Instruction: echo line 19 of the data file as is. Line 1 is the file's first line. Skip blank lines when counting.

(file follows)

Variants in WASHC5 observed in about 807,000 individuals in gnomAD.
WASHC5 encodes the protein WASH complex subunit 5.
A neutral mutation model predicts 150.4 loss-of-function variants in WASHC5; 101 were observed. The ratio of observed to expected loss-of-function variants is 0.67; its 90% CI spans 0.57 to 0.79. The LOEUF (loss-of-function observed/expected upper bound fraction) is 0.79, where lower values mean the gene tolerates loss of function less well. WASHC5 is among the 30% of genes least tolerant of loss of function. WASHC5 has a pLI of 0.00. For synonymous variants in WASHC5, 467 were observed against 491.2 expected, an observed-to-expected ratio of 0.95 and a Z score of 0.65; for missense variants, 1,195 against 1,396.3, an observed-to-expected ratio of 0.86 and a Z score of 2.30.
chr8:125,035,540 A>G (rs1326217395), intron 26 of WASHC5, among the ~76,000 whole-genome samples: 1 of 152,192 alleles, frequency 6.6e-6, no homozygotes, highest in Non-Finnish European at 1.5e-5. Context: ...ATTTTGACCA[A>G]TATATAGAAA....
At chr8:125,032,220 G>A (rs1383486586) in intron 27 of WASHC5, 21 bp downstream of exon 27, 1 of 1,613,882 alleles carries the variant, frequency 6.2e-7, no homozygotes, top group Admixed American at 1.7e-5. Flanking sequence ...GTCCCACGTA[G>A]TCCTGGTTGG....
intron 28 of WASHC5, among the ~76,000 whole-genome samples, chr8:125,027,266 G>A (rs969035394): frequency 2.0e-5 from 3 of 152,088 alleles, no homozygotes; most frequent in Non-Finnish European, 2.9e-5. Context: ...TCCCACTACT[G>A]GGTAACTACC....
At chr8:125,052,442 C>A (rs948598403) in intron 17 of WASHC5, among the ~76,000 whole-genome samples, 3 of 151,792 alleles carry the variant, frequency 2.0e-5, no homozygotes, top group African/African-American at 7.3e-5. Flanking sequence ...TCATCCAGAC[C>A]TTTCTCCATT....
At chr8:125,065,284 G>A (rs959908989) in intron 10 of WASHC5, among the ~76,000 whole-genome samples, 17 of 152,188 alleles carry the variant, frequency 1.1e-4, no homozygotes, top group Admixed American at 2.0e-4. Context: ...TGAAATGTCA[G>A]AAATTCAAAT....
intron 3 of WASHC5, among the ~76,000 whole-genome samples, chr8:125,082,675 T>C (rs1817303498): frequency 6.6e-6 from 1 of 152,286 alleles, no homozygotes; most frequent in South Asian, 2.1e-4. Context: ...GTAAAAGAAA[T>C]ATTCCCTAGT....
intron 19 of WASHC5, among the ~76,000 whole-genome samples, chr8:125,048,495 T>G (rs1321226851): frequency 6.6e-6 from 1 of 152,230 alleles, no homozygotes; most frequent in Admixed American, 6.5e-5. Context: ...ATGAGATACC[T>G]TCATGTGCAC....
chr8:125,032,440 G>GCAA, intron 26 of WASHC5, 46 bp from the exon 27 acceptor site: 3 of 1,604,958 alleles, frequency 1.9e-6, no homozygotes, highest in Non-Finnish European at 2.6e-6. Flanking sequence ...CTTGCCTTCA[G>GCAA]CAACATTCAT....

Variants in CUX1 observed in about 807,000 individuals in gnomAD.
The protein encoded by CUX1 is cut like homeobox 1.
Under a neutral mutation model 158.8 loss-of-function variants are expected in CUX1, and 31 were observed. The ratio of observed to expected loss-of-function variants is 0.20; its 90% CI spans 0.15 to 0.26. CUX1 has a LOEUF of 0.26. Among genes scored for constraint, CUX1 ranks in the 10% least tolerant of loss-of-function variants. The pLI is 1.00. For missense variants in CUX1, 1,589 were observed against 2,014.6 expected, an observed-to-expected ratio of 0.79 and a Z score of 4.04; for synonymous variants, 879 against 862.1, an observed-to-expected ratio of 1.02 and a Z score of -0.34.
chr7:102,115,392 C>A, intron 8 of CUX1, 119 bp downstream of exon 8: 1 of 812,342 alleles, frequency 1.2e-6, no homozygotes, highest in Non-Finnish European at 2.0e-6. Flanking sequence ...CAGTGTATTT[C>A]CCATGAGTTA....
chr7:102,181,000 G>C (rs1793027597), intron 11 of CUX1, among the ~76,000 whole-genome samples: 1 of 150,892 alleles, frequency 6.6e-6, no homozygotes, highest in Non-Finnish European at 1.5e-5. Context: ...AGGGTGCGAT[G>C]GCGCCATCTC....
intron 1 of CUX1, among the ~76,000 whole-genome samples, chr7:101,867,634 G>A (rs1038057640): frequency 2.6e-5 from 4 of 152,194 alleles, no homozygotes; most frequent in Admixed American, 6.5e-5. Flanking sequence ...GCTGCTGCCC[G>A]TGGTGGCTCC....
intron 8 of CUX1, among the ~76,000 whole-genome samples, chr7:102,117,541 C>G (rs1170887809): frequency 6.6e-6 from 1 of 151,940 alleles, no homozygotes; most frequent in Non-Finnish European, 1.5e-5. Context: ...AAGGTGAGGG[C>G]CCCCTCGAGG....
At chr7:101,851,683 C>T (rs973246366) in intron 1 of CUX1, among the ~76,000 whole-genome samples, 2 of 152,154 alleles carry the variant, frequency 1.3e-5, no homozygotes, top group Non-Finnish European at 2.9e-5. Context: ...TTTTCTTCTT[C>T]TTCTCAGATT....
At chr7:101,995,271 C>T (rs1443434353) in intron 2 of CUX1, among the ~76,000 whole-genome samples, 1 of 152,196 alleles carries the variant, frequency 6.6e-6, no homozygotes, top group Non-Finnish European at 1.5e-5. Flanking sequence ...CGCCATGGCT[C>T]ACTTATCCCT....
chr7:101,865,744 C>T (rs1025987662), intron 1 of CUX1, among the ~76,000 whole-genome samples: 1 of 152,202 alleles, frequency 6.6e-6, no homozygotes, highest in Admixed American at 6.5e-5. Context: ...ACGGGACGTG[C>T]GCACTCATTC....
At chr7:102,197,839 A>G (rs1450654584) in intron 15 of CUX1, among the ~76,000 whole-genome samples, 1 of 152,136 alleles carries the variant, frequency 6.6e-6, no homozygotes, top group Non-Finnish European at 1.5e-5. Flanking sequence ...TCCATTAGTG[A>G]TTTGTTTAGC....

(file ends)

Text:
At chr7:101,851,683 C>T (rs973246366) in intron 1 of CUX1, among the ~76,000 whole-genome samples, 2 of 152,154 alleles carry the variant, frequency 1.3e-5, no homozygotes, top group Non-Finnish European at 2.9e-5. Context: ...TTTTCTTCTT[C>T]TTCTCAGATT....